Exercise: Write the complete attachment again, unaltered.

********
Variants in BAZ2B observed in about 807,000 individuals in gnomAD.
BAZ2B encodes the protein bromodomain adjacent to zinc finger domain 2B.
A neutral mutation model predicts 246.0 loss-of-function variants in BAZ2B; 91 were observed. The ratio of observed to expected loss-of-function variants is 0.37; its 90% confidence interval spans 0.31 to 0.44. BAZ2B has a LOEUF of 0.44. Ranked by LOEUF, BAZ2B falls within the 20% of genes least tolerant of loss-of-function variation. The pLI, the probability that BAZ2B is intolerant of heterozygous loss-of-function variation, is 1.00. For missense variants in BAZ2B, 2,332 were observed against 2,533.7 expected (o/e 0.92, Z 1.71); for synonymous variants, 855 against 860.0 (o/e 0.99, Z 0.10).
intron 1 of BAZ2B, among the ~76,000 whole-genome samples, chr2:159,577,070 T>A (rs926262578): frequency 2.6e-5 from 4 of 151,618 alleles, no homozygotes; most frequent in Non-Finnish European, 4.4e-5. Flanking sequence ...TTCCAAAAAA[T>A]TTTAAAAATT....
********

Variants in BAZ2B observed in about 807,000 individuals in gnomAD.
BAZ2B encodes the protein bromodomain adjacent to zinc finger domain 2B.
A neutral mutation model predicts 246.0 loss-of-function variants in BAZ2B; 91 were observed. The ratio of observed to expected loss-of-function variants is 0.37; its 90% confidence interval spans 0.31 to 0.44. BAZ2B has a LOEUF of 0.44. Ranked by LOEUF, BAZ2B falls within the 20% of genes least tolerant of loss-of-function variation. The pLI, the probability that BAZ2B is intolerant of heterozygous loss-of-function variation, is 1.00. For missense variants in BAZ2B, 2,332 were observed against 2,533.7 expected (o/e 0.92, Z 1.71); for synonymous variants, 855 against 860.0 (o/e 0.99, Z 0.10).
intron 1 of BAZ2B, among the ~76,000 whole-genome samples, chr2:159,577,070 T>A (rs926262578): frequency 2.6e-5 from 4 of 151,618 alleles, no homozygotes; most frequent in Non-Finnish European, 4.4e-5. Flanking sequence ...TTCCAAAAAA[T>A]TTTAAAAATT....